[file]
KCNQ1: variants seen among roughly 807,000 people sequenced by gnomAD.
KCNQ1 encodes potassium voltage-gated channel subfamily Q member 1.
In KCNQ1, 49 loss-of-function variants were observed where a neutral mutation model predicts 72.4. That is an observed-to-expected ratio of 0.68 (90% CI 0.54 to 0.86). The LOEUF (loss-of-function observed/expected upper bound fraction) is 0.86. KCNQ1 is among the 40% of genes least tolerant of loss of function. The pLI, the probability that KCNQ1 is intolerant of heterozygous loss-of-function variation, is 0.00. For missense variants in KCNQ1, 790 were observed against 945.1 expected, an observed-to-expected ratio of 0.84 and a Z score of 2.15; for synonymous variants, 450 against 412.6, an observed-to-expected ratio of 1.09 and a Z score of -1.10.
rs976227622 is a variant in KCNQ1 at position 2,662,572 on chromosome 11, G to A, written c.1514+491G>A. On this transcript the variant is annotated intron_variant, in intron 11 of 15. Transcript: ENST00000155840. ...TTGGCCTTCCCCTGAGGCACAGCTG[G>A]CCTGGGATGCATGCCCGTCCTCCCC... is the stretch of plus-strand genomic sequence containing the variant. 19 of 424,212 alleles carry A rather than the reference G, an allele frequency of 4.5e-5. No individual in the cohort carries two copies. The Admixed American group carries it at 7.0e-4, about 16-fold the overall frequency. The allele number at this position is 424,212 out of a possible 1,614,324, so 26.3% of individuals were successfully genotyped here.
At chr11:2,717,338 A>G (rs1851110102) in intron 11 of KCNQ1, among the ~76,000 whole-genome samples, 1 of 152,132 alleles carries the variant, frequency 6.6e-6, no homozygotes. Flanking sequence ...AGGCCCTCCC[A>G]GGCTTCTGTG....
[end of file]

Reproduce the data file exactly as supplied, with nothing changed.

KCNQ1: variants seen among roughly 807,000 people sequenced by gnomAD.
KCNQ1 encodes potassium voltage-gated channel subfamily Q member 1.
In KCNQ1, 49 loss-of-function variants were observed where a neutral mutation model predicts 72.4. That is an observed-to-expected ratio of 0.68 (90% CI 0.54 to 0.86). The LOEUF (loss-of-function observed/expected upper bound fraction) is 0.86. KCNQ1 is among the 40% of genes least tolerant of loss of function. The pLI, the probability that KCNQ1 is intolerant of heterozygous loss-of-function variation, is 0.00. For missense variants in KCNQ1, 790 were observed against 945.1 expected, an observed-to-expected ratio of 0.84 and a Z score of 2.15; for synonymous variants, 450 against 412.6, an observed-to-expected ratio of 1.09 and a Z score of -1.10.
rs976227622 is a variant in KCNQ1 at position 2,662,572 on chromosome 11, G to A, written c.1514+491G>A. On this transcript the variant is annotated intron_variant, in intron 11 of 15. Transcript: ENST00000155840. ...TTGGCCTTCCCCTGAGGCACAGCTG[G>A]CCTGGGATGCATGCCCGTCCTCCCC... is the stretch of plus-strand genomic sequence containing the variant. 19 of 424,212 alleles carry A rather than the reference G, an allele frequency of 4.5e-5. No individual in the cohort carries two copies. The Admixed American group carries it at 7.0e-4, about 16-fold the overall frequency. The allele number at this position is 424,212 out of a possible 1,614,324, so 26.3% of individuals were successfully genotyped here.
At chr11:2,717,338 A>G (rs1851110102) in intron 11 of KCNQ1, among the ~76,000 whole-genome samples, 1 of 152,132 alleles carries the variant, frequency 6.6e-6, no homozygotes. Flanking sequence ...AGGCCCTCCC[A>G]GGCTTCTGTG....